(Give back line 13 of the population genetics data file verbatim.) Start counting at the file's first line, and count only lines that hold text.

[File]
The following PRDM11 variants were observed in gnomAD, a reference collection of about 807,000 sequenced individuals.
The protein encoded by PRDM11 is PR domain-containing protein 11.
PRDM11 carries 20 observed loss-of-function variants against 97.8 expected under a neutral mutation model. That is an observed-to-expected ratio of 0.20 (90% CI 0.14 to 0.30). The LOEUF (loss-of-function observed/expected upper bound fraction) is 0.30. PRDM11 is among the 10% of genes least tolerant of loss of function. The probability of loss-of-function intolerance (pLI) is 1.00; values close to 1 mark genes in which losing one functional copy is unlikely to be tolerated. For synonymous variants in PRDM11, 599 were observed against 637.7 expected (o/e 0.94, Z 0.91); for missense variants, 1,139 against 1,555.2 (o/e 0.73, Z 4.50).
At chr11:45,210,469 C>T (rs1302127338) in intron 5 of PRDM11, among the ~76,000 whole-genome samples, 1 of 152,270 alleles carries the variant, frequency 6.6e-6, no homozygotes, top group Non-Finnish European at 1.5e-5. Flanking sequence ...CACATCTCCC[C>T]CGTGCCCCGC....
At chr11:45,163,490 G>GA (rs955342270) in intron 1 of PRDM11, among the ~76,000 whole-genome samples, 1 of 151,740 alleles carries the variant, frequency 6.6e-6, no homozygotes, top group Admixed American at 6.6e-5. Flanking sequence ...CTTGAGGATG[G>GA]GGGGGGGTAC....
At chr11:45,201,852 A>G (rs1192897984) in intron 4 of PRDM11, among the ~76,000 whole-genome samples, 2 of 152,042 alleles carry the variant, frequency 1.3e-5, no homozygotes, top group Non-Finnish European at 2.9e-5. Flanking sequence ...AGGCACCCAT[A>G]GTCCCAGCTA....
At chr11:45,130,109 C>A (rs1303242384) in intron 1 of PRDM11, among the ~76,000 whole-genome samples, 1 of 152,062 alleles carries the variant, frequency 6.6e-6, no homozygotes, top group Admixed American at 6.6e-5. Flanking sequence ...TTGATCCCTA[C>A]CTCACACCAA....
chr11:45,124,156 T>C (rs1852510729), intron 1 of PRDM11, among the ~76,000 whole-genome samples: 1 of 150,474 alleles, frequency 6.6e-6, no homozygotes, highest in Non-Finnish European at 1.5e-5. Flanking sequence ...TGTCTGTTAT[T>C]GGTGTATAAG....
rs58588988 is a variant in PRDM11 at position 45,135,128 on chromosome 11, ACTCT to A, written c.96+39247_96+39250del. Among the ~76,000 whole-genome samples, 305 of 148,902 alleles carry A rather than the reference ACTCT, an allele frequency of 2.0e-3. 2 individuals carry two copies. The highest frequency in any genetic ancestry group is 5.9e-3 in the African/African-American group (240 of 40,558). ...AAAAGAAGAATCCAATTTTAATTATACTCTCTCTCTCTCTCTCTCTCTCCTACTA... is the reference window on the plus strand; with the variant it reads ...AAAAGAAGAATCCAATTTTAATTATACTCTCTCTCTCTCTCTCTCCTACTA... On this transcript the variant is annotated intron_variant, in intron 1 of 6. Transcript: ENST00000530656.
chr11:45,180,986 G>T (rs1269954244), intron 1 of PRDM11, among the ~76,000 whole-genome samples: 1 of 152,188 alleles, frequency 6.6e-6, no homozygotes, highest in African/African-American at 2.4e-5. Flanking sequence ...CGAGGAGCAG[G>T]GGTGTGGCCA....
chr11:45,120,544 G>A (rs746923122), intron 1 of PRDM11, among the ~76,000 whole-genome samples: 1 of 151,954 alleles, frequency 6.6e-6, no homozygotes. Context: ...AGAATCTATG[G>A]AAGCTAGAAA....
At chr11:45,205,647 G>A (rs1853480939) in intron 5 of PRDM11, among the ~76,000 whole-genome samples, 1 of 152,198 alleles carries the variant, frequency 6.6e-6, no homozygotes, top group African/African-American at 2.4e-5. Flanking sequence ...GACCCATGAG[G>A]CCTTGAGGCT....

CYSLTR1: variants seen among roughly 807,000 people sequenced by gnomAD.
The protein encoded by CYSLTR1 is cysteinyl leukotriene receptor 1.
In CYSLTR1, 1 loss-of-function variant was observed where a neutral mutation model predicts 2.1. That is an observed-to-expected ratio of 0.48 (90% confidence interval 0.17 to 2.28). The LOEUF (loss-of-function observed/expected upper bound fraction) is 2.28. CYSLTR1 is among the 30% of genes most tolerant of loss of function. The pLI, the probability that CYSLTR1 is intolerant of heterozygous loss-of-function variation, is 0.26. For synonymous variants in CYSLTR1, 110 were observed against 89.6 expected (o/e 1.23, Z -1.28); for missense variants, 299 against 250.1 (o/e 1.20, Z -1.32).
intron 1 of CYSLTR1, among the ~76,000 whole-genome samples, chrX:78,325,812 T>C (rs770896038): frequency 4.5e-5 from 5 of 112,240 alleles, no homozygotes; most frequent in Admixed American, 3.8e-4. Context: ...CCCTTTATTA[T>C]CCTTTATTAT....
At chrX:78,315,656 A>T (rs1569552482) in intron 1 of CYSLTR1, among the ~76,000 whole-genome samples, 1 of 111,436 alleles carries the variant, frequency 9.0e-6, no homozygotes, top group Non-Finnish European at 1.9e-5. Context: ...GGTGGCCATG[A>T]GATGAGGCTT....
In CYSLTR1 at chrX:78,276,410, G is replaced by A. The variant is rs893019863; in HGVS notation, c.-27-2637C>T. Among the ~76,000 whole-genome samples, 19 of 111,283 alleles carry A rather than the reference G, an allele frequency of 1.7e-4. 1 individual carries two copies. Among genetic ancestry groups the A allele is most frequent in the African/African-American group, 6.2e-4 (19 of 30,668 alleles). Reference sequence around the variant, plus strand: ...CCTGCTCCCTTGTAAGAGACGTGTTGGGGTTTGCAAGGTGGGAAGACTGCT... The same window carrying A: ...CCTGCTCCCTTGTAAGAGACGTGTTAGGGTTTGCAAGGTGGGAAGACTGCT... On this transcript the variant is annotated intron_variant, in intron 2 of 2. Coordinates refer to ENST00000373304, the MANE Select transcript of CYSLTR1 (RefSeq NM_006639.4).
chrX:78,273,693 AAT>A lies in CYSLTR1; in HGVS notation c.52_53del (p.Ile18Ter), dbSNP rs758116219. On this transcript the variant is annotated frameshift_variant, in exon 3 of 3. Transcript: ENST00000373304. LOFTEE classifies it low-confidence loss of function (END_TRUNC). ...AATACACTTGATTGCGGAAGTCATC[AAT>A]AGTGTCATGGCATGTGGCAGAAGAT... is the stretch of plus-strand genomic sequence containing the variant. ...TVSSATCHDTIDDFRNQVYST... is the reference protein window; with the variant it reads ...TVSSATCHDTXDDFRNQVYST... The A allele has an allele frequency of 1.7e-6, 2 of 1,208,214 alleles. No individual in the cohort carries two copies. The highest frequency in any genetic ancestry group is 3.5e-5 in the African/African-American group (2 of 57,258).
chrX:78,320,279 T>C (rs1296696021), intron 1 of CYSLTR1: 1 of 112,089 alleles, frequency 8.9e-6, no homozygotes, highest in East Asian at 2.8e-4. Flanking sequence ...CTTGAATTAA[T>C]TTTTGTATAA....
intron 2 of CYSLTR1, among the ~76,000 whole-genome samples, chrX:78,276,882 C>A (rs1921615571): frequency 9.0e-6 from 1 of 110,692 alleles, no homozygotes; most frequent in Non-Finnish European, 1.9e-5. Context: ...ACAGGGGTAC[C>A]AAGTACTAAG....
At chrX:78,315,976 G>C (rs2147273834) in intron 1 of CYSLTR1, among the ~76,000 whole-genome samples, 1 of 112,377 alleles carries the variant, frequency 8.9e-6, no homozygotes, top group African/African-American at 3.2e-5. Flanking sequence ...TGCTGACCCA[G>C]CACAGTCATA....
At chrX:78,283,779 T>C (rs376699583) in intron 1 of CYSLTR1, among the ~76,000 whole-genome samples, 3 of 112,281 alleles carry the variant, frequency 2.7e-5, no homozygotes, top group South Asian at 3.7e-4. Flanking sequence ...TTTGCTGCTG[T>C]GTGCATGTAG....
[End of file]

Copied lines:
CYSLTR1: variants seen among roughly 807,000 people sequenced by gnomAD.